To give you some small insight into what the tastes were of ICE readers back then, here are the results of the 1993 Holiday Reader's Poll, which were published in issue 83. Of particular interest twenty-two years later are the answers to the fifth question, labeled V.
The best CD of 1994 is easily Seal's second self-titled album. You're entitled to your own opinion, of course, but if you disagree with my choice, you're obviously wrong.ReplyDelete
Also in 1994, the first ten volumes of Rhino's most excellent Just Can't Get Enough: New Wave Hits of the '80s series hit the shelves. I started with Volume 5 that summer after attending my 10 year high school reunion.
My friends loved showing off their car stereos with that exquisitely sounding Seal disc. It was only later, when listening to other CDs, that you could tell their systems just weren't that good - Seal and Trevor Horn were working miracles.Delete
It was a really great year for this fan of Eighties music as EMI's Living In Oblivion series and Richard Blade's Flashback Favorites series on Oglio appeared in the Various Artists section alongside the definitive Rhino series you mentioned. The bare-bones, ten track discs of Priority's Rock Of The '80s were also out at that time as were The Right Stuff's Sedated In The Eighties compilations.
ICE was an excellent resource. I discovered it in the late '80s, and subscribed for a time in the '90s. I especially liked the "going underground" section, as I collected bootlegs in those years - Beatles, Springsteen and Neil Young, but others as well - and they were one of few sources of that sort of information.ReplyDelete
1994, concert-wise, was a good year for us. Saw some great shows - Nanci Griffith on her Other Voices, Other Rooms tour (with Iris DeMent opening up), was one, Mary Black another, and Shawn Colvin yet another. Also saw Johnny Cash for the first and only time on what turned out to be his last tour; June came out and sang with him on a few songs (Jackson and If I Were a Carpenter). Plenty of other shows, though I'd have to cogitate for a while to remember them.
Lots of great albums that year, too - not as heady a year as '93, but still solid. Sleeps With Angels by Neil & Crazy Horse was (and would still be) my favorite of the year. Others that I still listen to include Nanci's Flyer, Cash's American Recordings, Colvin's Cover Girl and Paul Weller's Live Wood, which I picked up on import. I always liked Oasis better in theory than in practice, but Definitely Maybe was quite good.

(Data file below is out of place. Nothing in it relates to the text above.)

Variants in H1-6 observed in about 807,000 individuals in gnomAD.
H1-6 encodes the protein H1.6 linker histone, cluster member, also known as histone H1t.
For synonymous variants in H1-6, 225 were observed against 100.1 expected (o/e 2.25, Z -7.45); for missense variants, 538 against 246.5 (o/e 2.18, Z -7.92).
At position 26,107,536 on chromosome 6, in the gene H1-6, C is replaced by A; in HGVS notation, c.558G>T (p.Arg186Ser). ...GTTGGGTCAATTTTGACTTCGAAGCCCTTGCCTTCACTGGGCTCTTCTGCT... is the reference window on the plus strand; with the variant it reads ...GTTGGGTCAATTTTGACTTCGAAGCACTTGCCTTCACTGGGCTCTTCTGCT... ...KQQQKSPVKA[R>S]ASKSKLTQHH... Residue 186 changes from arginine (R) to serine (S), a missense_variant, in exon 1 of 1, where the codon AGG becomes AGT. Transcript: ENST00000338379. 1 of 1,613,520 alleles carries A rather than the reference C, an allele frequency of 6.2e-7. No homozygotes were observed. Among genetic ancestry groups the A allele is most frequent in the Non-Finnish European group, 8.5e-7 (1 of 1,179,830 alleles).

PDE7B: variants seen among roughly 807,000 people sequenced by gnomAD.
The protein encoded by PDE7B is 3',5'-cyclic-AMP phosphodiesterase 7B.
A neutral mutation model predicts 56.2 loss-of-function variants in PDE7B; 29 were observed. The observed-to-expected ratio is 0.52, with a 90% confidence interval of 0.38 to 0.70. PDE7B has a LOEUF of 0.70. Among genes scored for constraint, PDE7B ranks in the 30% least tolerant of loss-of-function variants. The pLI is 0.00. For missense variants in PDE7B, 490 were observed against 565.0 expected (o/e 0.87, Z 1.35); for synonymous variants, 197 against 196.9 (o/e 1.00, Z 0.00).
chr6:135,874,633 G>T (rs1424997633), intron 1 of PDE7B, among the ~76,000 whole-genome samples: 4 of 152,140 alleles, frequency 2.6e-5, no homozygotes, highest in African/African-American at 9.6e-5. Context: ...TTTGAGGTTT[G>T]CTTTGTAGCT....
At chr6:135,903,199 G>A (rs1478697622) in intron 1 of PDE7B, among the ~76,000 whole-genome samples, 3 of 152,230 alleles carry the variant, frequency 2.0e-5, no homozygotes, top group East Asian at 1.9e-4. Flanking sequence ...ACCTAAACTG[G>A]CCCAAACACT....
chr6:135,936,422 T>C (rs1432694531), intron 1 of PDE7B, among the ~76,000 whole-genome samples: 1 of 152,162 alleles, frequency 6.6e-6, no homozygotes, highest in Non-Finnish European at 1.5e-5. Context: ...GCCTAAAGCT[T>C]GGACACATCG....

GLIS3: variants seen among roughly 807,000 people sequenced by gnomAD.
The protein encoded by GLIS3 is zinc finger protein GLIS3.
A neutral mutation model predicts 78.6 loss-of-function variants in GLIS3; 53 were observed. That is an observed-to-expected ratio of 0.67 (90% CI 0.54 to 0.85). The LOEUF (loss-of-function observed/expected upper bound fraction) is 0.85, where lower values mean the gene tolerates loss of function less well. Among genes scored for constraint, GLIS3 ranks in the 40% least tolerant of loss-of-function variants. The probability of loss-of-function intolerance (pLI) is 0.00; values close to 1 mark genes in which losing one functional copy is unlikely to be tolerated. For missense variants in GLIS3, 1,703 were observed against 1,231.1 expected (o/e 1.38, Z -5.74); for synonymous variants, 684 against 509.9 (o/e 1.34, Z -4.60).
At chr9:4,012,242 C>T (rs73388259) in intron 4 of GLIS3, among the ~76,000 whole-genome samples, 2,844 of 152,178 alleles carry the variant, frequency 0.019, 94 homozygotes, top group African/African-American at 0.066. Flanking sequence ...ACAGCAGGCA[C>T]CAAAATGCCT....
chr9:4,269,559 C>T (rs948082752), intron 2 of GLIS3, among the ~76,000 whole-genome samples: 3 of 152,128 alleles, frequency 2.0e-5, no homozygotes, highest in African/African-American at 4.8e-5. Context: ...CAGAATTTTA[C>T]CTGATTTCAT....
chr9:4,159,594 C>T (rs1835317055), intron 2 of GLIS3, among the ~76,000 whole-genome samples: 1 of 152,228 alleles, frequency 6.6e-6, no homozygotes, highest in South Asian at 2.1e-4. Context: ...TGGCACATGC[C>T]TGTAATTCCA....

Other than the Release Dates section, my favorite columns were The CD Watchdog, where buyers warned one another about problem releases and ICE would try to get answers from responsible parties at the issuing labels, and Collector's Corner, specifically, the Promos section. Using that info and dealers listed in Goldmine, I was able to acquire quite a few cool promo only discs in the primitive days before eBay.Delete
Speaking of the Going Underground column, after reporting on a legitimate release of early Springsteen material titled Prodigal Son in the January issue, there were follow-ups in the next few issues including Springsteen's lawyers filing an injunction which apparently led to bootleg copies of the collection appearing in shops soon after.
I dabbled in a a few vinyl and compact disc Prince bootlegs but they sounded horrible which turned me off of the whole scene for a time. Then I met a guy who collected nothing but Led Zep boots and I was amazed at how good they sounded. And then those Beatles Unsurpassed Masters discs were just crazy. Bought a few copies of that Hot Wacks guide, which was just fun to read, but never really got into in any other artist's unreleased stuff but Prince. With few exceptions, concert recordings are not my bag - would have rather been there, feeling that incredible energy you must dig in all your concert-going experiences.
Offspring's Smash and TLC's CrazySexyCool were probably my most played discs in 1994. I liked discs by Oasis, Bush, Green Day and Live as well. And damnit if Hootie's "Let Her Cry" didn't rip my heart out the first few hundred times I heard it.